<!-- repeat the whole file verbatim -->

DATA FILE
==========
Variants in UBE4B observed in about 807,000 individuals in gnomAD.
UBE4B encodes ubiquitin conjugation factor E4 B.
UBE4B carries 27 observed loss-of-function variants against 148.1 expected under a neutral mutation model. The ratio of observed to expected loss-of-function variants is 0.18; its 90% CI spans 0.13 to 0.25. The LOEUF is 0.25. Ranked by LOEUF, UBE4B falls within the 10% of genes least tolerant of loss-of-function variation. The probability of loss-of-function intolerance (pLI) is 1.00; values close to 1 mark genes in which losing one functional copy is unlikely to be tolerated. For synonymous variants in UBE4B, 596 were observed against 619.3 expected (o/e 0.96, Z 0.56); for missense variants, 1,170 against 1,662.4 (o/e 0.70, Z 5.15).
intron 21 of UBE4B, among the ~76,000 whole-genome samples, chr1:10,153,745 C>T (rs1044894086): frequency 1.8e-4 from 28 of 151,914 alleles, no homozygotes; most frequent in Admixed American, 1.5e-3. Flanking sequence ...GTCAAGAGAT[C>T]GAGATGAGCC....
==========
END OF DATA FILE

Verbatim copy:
Variants in UBE4B observed in about 807,000 individuals in gnomAD.
UBE4B encodes ubiquitin conjugation factor E4 B.
UBE4B carries 27 observed loss-of-function variants against 148.1 expected under a neutral mutation model. The ratio of observed to expected loss-of-function variants is 0.18; its 90% CI spans 0.13 to 0.25. The LOEUF is 0.25. Ranked by LOEUF, UBE4B falls within the 10% of genes least tolerant of loss-of-function variation. The probability of loss-of-function intolerance (pLI) is 1.00; values close to 1 mark genes in which losing one functional copy is unlikely to be tolerated. For synonymous variants in UBE4B, 596 were observed against 619.3 expected (o/e 0.96, Z 0.56); for missense variants, 1,170 against 1,662.4 (o/e 0.70, Z 5.15).
intron 21 of UBE4B, among the ~76,000 whole-genome samples, chr1:10,153,745 C>T (rs1044894086): frequency 1.8e-4 from 28 of 151,914 alleles, no homozygotes; most frequent in Admixed American, 1.5e-3. Flanking sequence ...GTCAAGAGAT[C>T]GAGATGAGCC....